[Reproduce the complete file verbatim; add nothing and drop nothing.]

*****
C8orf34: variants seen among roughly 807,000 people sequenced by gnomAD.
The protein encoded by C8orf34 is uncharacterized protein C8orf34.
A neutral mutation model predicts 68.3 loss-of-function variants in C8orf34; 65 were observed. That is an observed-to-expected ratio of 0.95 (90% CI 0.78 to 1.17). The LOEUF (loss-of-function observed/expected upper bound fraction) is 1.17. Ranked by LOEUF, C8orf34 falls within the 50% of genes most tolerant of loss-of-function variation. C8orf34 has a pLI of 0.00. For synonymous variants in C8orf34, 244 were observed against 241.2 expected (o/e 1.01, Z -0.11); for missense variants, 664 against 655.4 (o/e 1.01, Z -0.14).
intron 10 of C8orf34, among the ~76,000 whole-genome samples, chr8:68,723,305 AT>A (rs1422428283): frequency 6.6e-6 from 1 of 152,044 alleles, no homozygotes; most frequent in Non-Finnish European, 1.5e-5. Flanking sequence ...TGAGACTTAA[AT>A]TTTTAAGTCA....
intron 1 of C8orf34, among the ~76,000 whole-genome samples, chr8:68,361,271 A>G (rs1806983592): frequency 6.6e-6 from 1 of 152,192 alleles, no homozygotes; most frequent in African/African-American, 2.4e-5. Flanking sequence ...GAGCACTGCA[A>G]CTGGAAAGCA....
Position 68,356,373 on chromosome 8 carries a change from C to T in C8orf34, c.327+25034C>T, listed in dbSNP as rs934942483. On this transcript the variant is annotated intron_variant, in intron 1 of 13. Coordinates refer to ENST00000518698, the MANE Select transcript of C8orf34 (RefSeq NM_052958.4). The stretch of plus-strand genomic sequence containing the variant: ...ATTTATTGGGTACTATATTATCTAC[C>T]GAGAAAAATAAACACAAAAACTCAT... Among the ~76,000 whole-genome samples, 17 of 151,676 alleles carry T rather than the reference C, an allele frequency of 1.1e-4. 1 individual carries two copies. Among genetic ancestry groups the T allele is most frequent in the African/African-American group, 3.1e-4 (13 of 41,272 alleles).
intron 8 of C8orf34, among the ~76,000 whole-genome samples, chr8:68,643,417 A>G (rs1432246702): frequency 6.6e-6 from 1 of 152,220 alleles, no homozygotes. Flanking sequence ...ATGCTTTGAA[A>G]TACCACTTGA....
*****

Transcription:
C8orf34: variants seen among roughly 807,000 people sequenced by gnomAD.
The protein encoded by C8orf34 is uncharacterized protein C8orf34.
A neutral mutation model predicts 68.3 loss-of-function variants in C8orf34; 65 were observed. That is an observed-to-expected ratio of 0.95 (90% CI 0.78 to 1.17). The LOEUF (loss-of-function observed/expected upper bound fraction) is 1.17. Ranked by LOEUF, C8orf34 falls within the 50% of genes most tolerant of loss-of-function variation. C8orf34 has a pLI of 0.00. For synonymous variants in C8orf34, 244 were observed against 241.2 expected (o/e 1.01, Z -0.11); for missense variants, 664 against 655.4 (o/e 1.01, Z -0.14).
intron 10 of C8orf34, among the ~76,000 whole-genome samples, chr8:68,723,305 AT>A (rs1422428283): frequency 6.6e-6 from 1 of 152,044 alleles, no homozygotes; most frequent in Non-Finnish European, 1.5e-5. Flanking sequence ...TGAGACTTAA[AT>A]TTTTAAGTCA....
intron 1 of C8orf34, among the ~76,000 whole-genome samples, chr8:68,361,271 A>G (rs1806983592): frequency 6.6e-6 from 1 of 152,192 alleles, no homozygotes; most frequent in African/African-American, 2.4e-5. Flanking sequence ...GAGCACTGCA[A>G]CTGGAAAGCA....
Position 68,356,373 on chromosome 8 carries a change from C to T in C8orf34, c.327+25034C>T, listed in dbSNP as rs934942483. On this transcript the variant is annotated intron_variant, in intron 1 of 13. Coordinates refer to ENST00000518698, the MANE Select transcript of C8orf34 (RefSeq NM_052958.4). The stretch of plus-strand genomic sequence containing the variant: ...ATTTATTGGGTACTATATTATCTAC[C>T]GAGAAAAATAAACACAAAAACTCAT... Among the ~76,000 whole-genome samples, 17 of 151,676 alleles carry T rather than the reference C, an allele frequency of 1.1e-4. 1 individual carries two copies. Among genetic ancestry groups the T allele is most frequent in the African/African-American group, 3.1e-4 (13 of 41,272 alleles).
intron 8 of C8orf34, among the ~76,000 whole-genome samples, chr8:68,643,417 A>G (rs1432246702): frequency 6.6e-6 from 1 of 152,220 alleles, no homozygotes. Flanking sequence ...ATGCTTTGAA[A>G]TACCACTTGA....